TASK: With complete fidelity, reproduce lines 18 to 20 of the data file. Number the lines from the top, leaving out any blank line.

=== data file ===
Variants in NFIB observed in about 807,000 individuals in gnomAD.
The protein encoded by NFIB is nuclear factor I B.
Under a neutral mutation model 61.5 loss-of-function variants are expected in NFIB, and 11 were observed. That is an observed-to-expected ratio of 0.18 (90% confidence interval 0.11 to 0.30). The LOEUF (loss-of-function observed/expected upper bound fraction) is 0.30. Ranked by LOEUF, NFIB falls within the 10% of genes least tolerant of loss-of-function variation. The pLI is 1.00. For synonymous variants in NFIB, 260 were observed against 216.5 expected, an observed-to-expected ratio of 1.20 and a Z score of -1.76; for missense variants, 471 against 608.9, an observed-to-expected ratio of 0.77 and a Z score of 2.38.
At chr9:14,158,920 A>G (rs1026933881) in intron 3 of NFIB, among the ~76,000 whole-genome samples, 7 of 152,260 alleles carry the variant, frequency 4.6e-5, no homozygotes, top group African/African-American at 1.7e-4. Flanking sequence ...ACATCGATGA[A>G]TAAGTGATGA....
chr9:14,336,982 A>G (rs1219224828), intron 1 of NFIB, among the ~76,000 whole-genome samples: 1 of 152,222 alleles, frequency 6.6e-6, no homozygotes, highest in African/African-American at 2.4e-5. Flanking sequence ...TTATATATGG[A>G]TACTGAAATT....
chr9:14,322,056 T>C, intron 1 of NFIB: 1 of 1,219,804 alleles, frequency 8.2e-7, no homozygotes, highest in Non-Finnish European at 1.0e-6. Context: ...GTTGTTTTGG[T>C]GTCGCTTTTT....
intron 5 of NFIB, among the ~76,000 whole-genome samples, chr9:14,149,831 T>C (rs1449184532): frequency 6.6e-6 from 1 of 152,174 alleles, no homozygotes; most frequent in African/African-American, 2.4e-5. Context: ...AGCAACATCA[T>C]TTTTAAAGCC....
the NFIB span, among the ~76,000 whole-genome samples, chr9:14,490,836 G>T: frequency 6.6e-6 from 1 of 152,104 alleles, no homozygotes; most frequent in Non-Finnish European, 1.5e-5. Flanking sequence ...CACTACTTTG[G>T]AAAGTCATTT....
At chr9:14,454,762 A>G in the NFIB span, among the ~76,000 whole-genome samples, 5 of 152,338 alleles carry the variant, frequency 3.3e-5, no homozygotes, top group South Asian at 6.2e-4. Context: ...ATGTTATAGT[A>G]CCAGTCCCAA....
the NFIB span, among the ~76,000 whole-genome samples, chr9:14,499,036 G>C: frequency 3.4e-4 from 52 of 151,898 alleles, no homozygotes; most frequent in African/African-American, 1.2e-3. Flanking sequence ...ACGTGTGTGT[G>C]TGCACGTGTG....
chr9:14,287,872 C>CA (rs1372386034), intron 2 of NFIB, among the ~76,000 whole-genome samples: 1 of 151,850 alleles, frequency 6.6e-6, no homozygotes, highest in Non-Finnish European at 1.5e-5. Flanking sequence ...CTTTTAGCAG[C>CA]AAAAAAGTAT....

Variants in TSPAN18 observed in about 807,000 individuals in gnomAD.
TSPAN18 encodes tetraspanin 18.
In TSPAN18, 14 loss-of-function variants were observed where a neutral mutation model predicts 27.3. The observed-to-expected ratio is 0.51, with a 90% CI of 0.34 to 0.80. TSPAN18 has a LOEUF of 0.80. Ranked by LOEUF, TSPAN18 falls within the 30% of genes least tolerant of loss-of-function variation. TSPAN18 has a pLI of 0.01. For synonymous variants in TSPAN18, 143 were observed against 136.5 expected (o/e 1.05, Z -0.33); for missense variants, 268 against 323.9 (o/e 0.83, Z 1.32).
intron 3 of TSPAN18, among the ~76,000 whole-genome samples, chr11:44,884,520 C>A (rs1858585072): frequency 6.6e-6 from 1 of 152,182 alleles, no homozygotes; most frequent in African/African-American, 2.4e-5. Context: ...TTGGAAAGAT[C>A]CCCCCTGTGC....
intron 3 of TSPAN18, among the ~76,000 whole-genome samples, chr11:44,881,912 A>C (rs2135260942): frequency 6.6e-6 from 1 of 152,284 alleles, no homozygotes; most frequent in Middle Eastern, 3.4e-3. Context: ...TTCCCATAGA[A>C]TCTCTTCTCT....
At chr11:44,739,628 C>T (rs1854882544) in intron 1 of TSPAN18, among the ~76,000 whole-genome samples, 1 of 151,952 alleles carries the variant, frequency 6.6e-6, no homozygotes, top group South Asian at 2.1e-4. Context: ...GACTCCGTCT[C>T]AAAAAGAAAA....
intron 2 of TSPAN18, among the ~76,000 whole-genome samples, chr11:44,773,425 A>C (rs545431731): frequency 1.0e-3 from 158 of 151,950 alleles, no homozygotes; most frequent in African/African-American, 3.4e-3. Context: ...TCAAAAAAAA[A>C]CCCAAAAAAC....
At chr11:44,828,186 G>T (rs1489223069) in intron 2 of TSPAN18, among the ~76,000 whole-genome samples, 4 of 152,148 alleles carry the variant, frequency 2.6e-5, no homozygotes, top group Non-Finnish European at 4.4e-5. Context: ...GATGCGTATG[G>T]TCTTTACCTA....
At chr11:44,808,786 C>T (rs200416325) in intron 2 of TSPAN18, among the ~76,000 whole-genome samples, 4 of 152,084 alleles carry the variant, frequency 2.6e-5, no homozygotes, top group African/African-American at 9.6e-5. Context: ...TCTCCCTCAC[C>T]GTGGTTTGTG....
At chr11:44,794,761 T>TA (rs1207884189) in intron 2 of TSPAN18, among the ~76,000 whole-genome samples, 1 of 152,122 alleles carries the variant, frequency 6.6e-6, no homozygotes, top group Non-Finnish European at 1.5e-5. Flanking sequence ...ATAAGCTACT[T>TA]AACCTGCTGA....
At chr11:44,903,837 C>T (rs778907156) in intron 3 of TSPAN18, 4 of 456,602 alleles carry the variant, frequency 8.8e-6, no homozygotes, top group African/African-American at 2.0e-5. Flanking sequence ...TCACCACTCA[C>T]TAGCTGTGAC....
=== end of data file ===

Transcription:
intron 2 of TSPAN18, among the ~76,000 whole-genome samples, chr11:44,773,425 A>C (rs545431731): frequency 1.0e-3 from 158 of 151,950 alleles, no homozygotes; most frequent in African/African-American, 3.4e-3. Context: ...TCAAAAAAAA[A>C]CCCAAAAAAC....
At chr11:44,828,186 G>T (rs1489223069) in intron 2 of TSPAN18, among the ~76,000 whole-genome samples, 4 of 152,148 alleles carry the variant, frequency 2.6e-5, no homozygotes, top group Non-Finnish European at 4.4e-5. Context: ...GATGCGTATG[G>T]TCTTTACCTA....
At chr11:44,808,786 C>T (rs200416325) in intron 2 of TSPAN18, among the ~76,000 whole-genome samples, 4 of 152,084 alleles carry the variant, frequency 2.6e-5, no homozygotes, top group African/African-American at 9.6e-5. Context: ...TCTCCCTCAC[C>T]GTGGTTTGTG....